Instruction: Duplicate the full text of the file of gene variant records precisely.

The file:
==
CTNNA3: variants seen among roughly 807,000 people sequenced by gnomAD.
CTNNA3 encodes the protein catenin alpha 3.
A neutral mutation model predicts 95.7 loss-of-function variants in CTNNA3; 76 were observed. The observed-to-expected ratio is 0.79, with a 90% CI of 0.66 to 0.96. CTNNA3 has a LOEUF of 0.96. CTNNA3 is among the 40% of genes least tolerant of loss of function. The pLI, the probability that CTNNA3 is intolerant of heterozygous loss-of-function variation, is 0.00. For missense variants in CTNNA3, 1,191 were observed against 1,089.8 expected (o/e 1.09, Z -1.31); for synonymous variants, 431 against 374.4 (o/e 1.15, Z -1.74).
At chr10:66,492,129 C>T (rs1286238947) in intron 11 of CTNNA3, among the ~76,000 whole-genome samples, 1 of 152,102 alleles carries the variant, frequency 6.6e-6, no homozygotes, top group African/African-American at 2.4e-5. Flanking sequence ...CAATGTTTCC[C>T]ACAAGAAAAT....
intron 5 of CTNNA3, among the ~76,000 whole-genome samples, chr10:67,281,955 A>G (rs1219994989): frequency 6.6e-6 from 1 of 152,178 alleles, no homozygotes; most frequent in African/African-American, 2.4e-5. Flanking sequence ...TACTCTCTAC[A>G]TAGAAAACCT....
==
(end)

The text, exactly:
CTNNA3: variants seen among roughly 807,000 people sequenced by gnomAD.
CTNNA3 encodes the protein catenin alpha 3.
A neutral mutation model predicts 95.7 loss-of-function variants in CTNNA3; 76 were observed. The observed-to-expected ratio is 0.79, with a 90% CI of 0.66 to 0.96. CTNNA3 has a LOEUF of 0.96. CTNNA3 is among the 40% of genes least tolerant of loss of function. The pLI, the probability that CTNNA3 is intolerant of heterozygous loss-of-function variation, is 0.00. For missense variants in CTNNA3, 1,191 were observed against 1,089.8 expected (o/e 1.09, Z -1.31); for synonymous variants, 431 against 374.4 (o/e 1.15, Z -1.74).
At chr10:66,492,129 C>T (rs1286238947) in intron 11 of CTNNA3, among the ~76,000 whole-genome samples, 1 of 152,102 alleles carries the variant, frequency 6.6e-6, no homozygotes, top group African/African-American at 2.4e-5. Flanking sequence ...CAATGTTTCC[C>T]ACAAGAAAAT....
intron 5 of CTNNA3, among the ~76,000 whole-genome samples, chr10:67,281,955 A>G (rs1219994989): frequency 6.6e-6 from 1 of 152,178 alleles, no homozygotes; most frequent in African/African-American, 2.4e-5. Flanking sequence ...TACTCTCTAC[A>G]TAGAAAACCT....